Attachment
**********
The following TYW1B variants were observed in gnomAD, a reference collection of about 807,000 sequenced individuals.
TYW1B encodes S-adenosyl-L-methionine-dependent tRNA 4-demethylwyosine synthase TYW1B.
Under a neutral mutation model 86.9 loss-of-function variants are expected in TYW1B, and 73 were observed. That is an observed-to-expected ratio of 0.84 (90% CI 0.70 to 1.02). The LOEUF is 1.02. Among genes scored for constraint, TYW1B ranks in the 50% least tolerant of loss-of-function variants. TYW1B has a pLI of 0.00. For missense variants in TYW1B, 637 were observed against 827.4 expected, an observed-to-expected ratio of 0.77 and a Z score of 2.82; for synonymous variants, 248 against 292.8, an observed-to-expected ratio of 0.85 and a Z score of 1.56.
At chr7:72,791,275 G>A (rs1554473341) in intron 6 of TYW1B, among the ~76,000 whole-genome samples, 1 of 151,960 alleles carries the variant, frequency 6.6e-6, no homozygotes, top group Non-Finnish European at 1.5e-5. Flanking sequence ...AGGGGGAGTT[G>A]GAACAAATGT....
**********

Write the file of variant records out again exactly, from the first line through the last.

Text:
The following TYW1B variants were observed in gnomAD, a reference collection of about 807,000 sequenced individuals.
TYW1B encodes S-adenosyl-L-methionine-dependent tRNA 4-demethylwyosine synthase TYW1B.
Under a neutral mutation model 86.9 loss-of-function variants are expected in TYW1B, and 73 were observed. That is an observed-to-expected ratio of 0.84 (90% CI 0.70 to 1.02). The LOEUF is 1.02. Among genes scored for constraint, TYW1B ranks in the 50% least tolerant of loss-of-function variants. TYW1B has a pLI of 0.00. For missense variants in TYW1B, 637 were observed against 827.4 expected, an observed-to-expected ratio of 0.77 and a Z score of 2.82; for synonymous variants, 248 against 292.8, an observed-to-expected ratio of 0.85 and a Z score of 1.56.
At chr7:72,791,275 G>A (rs1554473341) in intron 6 of TYW1B, among the ~76,000 whole-genome samples, 1 of 151,960 alleles carries the variant, frequency 6.6e-6, no homozygotes, top group Non-Finnish European at 1.5e-5. Flanking sequence ...AGGGGGAGTT[G>A]GAACAAATGT....